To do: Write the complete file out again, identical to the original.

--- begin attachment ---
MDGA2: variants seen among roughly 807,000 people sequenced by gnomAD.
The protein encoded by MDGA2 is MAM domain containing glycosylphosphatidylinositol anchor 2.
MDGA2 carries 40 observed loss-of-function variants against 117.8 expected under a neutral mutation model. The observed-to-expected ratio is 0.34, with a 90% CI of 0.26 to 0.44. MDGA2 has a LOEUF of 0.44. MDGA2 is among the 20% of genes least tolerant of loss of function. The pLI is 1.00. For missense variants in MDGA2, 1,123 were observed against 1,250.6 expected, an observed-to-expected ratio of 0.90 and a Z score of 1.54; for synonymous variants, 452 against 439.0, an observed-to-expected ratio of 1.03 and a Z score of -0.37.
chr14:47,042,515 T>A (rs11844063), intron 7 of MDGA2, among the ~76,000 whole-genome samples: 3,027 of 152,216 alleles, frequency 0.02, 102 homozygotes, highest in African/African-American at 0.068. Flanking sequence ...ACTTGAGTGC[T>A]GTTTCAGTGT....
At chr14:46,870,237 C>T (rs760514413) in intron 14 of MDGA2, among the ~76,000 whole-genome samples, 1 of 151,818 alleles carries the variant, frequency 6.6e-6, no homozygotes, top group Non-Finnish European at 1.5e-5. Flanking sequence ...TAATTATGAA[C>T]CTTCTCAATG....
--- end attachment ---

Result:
MDGA2: variants seen among roughly 807,000 people sequenced by gnomAD.
The protein encoded by MDGA2 is MAM domain containing glycosylphosphatidylinositol anchor 2.
MDGA2 carries 40 observed loss-of-function variants against 117.8 expected under a neutral mutation model. The observed-to-expected ratio is 0.34, with a 90% CI of 0.26 to 0.44. MDGA2 has a LOEUF of 0.44. MDGA2 is among the 20% of genes least tolerant of loss of function. The pLI is 1.00. For missense variants in MDGA2, 1,123 were observed against 1,250.6 expected, an observed-to-expected ratio of 0.90 and a Z score of 1.54; for synonymous variants, 452 against 439.0, an observed-to-expected ratio of 1.03 and a Z score of -0.37.
chr14:47,042,515 T>A (rs11844063), intron 7 of MDGA2, among the ~76,000 whole-genome samples: 3,027 of 152,216 alleles, frequency 0.02, 102 homozygotes, highest in African/African-American at 0.068. Flanking sequence ...ACTTGAGTGC[T>A]GTTTCAGTGT....
At chr14:46,870,237 C>T (rs760514413) in intron 14 of MDGA2, among the ~76,000 whole-genome samples, 1 of 151,818 alleles carries the variant, frequency 6.6e-6, no homozygotes, top group Non-Finnish European at 1.5e-5. Flanking sequence ...TAATTATGAA[C>T]CTTCTCAATG....